WINTER WREN – (Troglodytes hiemalis)
The Winter Wren owes its name to its wintering range in the southern part of the USA. It is a very small bird at some 10 cm (4 in.) long, and is round-shaped with a short tail that stands erect most of the time, even leaning on its back. The body plumage is brown mottled with copper. The bill is thin and short and grey.
The Latin name ‘Troglodytes’ is from Greek and means ‘cave dweller’. This is due to the wrens’ habit of disappearing into holes or crevices while pursuing prey such as arthropods, and also to the locations of their nests. The name ‘hiemalis’ refers to the winter.
The winter wren is a very musical bird and spends a lot of time singing when not foraging on the forest floor, and it sings relatively well (to the human ear anyway) and quite strongly for such a tiny bird. The way it searches for prey on the ground has been compared to that of a mouse. The more the forest floor contains dead and rotting trees and other plant material, the likelier this bird will be found there.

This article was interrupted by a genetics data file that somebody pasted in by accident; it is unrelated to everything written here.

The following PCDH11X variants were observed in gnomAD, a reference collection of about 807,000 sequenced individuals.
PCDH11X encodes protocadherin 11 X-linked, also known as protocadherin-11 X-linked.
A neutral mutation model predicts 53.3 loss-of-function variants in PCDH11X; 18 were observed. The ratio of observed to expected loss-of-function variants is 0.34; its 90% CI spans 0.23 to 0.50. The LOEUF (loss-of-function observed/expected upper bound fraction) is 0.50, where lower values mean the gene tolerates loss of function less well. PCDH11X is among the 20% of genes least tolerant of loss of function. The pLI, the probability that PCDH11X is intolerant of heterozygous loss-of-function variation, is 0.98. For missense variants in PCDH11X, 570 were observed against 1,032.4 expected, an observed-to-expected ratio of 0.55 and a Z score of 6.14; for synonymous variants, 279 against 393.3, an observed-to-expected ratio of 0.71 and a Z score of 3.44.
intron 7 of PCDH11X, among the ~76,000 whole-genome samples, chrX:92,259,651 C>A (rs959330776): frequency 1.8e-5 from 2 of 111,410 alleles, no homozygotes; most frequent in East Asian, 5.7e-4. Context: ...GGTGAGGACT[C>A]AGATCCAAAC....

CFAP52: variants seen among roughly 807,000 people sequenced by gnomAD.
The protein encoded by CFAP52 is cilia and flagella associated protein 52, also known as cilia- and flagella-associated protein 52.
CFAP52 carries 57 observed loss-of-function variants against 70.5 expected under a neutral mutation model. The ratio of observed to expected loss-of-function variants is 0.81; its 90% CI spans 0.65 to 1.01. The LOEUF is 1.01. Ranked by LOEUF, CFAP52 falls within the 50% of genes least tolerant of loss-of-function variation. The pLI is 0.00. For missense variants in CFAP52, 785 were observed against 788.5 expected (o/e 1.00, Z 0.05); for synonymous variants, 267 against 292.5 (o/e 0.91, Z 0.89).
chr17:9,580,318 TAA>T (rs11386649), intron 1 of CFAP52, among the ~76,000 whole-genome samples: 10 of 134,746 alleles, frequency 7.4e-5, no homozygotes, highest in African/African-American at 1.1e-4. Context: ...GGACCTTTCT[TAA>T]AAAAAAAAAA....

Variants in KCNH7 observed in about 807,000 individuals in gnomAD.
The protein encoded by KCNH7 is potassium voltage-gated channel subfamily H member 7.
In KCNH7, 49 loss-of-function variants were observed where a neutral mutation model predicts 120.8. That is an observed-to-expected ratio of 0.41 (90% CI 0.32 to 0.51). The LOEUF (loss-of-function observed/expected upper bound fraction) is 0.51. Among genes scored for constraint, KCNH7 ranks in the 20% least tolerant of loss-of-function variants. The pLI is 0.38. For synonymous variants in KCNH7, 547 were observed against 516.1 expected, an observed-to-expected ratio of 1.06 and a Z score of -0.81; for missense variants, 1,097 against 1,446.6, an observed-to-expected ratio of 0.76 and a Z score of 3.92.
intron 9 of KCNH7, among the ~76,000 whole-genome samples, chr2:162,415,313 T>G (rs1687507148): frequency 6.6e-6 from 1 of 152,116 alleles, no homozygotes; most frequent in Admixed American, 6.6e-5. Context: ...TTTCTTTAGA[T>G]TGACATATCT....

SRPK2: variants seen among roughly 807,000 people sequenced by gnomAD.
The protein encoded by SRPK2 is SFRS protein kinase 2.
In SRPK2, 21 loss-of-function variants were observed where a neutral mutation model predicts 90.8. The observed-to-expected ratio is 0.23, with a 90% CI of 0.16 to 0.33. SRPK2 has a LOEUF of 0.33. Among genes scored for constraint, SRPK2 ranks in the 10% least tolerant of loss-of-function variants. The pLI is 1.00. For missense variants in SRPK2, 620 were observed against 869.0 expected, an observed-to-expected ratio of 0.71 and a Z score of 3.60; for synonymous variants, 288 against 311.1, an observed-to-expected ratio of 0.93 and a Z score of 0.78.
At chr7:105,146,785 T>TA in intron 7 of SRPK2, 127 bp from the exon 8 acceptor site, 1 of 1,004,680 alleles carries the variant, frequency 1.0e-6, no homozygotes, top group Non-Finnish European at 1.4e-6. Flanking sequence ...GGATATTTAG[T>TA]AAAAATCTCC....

This wren will come to bird feeders when their main food source (insects, arthropods) is scarce. They also have the ability to forage on tree trunks like the Brown Creeper or nuthatches.
The male wren will build several ‘dummy’ or ‘cock’ nests, and only when the female chooses one will it then be lined with softer material. The nest is placed in a hole in a tree, a rock crevice, or in a building corner.
The winter wren breeds on PEI, and its occurrence in the spring and summer varies from ‘uncommon’ to ‘common’ depending on the years. It is rare in the fall, and in spite of its name, sightings of this bird species in the winter have only been ‘accidental’ so far on PEI. Its breeding range includes the boreal Canadian forest and the north part of the USA east of the Rockies. It migrates to the southeast USA for the winter, and then can be found in more open forests including parks and suburban areas. Its population appears stable.